Restoring the Skin’s Natural Defenses
May 22, 2018
Sweet Itch is a debilitating condition for horses which has always been difficult to treat. Until now, treatments have been limited to managing the symptoms instead of dealing with the cause. When electrolyte salts present in a horse’s normal perspiration are correctly balanced, the horse has a natural defense against bacteria, fungus, and skin microbes.
Sweet itch and other skin conditions can develop when that delicate electrolyte balance is compromised, which often happens. Feeding more electrolytes simply can’t restore this critical balance but, when the horse’s own electrolytes are precisely balanced to work correctly, many such conditions will disappear. Equiwinner does that!
Olympic Peninsula Equine Network (OPEN) in Western Washington State, was struggling with sweet itch in some of their rescue horses. After trying Equiwinner treatments on two of these horses, they couldn’t believe the results because everything else they tried before didn’t work well. The 10-day treatment was easy and the horses’ coats healed quickly. One of the horses needed a second treatment, but the initial results have lasted through the winter and into spring.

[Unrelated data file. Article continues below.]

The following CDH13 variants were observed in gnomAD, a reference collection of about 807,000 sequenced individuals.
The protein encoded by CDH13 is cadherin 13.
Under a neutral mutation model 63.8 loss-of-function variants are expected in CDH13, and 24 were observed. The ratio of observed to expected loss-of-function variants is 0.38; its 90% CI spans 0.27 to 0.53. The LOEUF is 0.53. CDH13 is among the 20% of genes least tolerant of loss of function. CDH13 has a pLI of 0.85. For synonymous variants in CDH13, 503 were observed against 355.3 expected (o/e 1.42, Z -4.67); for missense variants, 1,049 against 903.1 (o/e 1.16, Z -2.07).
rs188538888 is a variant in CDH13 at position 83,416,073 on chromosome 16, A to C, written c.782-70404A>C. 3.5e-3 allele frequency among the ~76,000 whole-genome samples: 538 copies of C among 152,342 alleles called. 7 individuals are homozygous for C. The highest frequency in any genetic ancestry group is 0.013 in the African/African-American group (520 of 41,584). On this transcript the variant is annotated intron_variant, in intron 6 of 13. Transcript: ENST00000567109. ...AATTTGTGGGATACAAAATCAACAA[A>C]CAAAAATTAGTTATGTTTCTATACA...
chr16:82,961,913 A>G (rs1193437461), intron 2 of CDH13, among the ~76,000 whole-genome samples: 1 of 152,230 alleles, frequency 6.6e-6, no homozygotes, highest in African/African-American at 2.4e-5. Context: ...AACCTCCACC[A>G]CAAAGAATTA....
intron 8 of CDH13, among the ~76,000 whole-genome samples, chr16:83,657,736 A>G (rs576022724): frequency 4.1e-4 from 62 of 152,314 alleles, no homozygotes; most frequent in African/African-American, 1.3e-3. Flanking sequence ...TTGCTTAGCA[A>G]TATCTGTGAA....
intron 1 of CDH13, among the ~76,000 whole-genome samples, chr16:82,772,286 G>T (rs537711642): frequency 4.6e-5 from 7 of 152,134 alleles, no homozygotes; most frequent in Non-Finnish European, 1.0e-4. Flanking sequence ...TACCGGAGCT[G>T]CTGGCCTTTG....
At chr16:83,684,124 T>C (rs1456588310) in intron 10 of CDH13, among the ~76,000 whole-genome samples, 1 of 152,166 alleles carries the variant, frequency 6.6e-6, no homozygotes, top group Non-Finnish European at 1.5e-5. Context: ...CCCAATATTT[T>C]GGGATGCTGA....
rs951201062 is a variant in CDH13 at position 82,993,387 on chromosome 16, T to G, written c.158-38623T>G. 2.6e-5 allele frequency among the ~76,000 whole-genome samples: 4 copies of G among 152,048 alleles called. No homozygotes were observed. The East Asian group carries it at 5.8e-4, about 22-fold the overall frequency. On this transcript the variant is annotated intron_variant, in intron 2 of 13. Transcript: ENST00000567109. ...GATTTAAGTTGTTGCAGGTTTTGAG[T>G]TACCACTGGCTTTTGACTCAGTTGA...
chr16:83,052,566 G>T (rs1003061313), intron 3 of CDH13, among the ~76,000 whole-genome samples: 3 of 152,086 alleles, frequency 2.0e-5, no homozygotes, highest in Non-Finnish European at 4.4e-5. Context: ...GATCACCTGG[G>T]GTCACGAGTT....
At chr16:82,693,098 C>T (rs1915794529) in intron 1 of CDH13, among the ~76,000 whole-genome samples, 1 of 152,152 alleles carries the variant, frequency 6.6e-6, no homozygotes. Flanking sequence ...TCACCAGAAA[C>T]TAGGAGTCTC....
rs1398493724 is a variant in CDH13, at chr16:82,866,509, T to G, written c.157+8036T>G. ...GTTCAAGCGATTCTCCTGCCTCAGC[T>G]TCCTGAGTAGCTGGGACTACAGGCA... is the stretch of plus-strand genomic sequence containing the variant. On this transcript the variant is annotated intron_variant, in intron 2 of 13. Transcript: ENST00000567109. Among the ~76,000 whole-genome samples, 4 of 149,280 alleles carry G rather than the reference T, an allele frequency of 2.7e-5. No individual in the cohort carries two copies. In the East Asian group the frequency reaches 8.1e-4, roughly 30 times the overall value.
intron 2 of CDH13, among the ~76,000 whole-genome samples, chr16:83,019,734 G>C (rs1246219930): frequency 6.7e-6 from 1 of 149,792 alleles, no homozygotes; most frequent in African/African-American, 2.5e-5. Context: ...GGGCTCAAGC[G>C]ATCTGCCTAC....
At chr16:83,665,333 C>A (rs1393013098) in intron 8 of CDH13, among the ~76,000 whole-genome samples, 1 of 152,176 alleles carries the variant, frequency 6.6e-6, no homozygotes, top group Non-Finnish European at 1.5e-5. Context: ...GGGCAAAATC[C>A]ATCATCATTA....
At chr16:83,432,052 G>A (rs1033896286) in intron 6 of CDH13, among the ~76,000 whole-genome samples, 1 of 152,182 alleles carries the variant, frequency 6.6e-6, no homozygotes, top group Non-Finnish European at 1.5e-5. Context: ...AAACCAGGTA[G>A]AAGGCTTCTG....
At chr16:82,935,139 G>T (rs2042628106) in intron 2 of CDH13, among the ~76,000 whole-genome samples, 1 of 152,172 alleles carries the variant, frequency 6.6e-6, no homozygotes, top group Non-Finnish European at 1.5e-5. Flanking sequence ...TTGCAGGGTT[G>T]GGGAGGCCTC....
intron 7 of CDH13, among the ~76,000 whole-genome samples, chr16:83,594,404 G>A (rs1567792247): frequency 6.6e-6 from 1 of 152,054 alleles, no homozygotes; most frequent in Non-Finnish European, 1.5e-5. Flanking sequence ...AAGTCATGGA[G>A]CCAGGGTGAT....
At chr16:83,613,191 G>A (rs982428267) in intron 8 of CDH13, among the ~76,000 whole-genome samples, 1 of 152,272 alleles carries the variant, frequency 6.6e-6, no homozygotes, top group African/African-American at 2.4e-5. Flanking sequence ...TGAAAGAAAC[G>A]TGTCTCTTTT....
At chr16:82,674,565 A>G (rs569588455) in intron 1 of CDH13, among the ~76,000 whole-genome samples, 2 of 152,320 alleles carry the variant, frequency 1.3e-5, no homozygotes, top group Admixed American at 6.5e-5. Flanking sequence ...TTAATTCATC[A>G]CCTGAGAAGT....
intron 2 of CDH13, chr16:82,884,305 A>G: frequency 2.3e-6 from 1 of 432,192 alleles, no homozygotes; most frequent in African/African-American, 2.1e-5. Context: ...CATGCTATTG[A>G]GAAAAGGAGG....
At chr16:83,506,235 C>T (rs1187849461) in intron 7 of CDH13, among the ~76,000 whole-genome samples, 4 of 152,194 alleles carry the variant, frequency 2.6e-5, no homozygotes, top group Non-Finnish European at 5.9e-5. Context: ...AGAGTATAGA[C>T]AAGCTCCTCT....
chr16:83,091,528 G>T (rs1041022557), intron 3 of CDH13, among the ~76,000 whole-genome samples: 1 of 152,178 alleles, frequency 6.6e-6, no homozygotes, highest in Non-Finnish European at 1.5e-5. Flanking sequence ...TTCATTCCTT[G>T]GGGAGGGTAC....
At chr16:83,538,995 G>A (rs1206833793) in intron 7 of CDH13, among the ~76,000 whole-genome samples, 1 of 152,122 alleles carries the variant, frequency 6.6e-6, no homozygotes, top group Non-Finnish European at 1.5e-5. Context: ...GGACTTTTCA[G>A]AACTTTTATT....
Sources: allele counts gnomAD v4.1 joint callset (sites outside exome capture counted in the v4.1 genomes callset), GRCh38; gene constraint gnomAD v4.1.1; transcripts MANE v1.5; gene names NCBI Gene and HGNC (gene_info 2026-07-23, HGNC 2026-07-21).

Sienna, a 15 year old registered Morgan mare, arrived at OPEN in August 2017 and was eaten and rubbed with no mane and very little tail because she was mutilating herself scratching. She was unhappy and unadoptable!
Toll free: 877-378-4946
Dash, a 7 year old Tennessee Walker, recovered from sweet itch with one Equiwinner treatment started September 1, 2017. The sores began to heal quickly. His hair also grew back and the progress could be seen from one day to another. The photos below show the chest before, during and after the healing.
Healthy & Naked
Until now, the most effective strategy for avoiding sweet itch was preventing contact with the insects. The future looks better. Equiwinner will restore the horse’s natural defense system, the electrolyte salts in perspiration. A 10-day treatment is cheaper than good fly sheets and masks and your horse will prefer being healthy and naked.
Go back to all newsletters.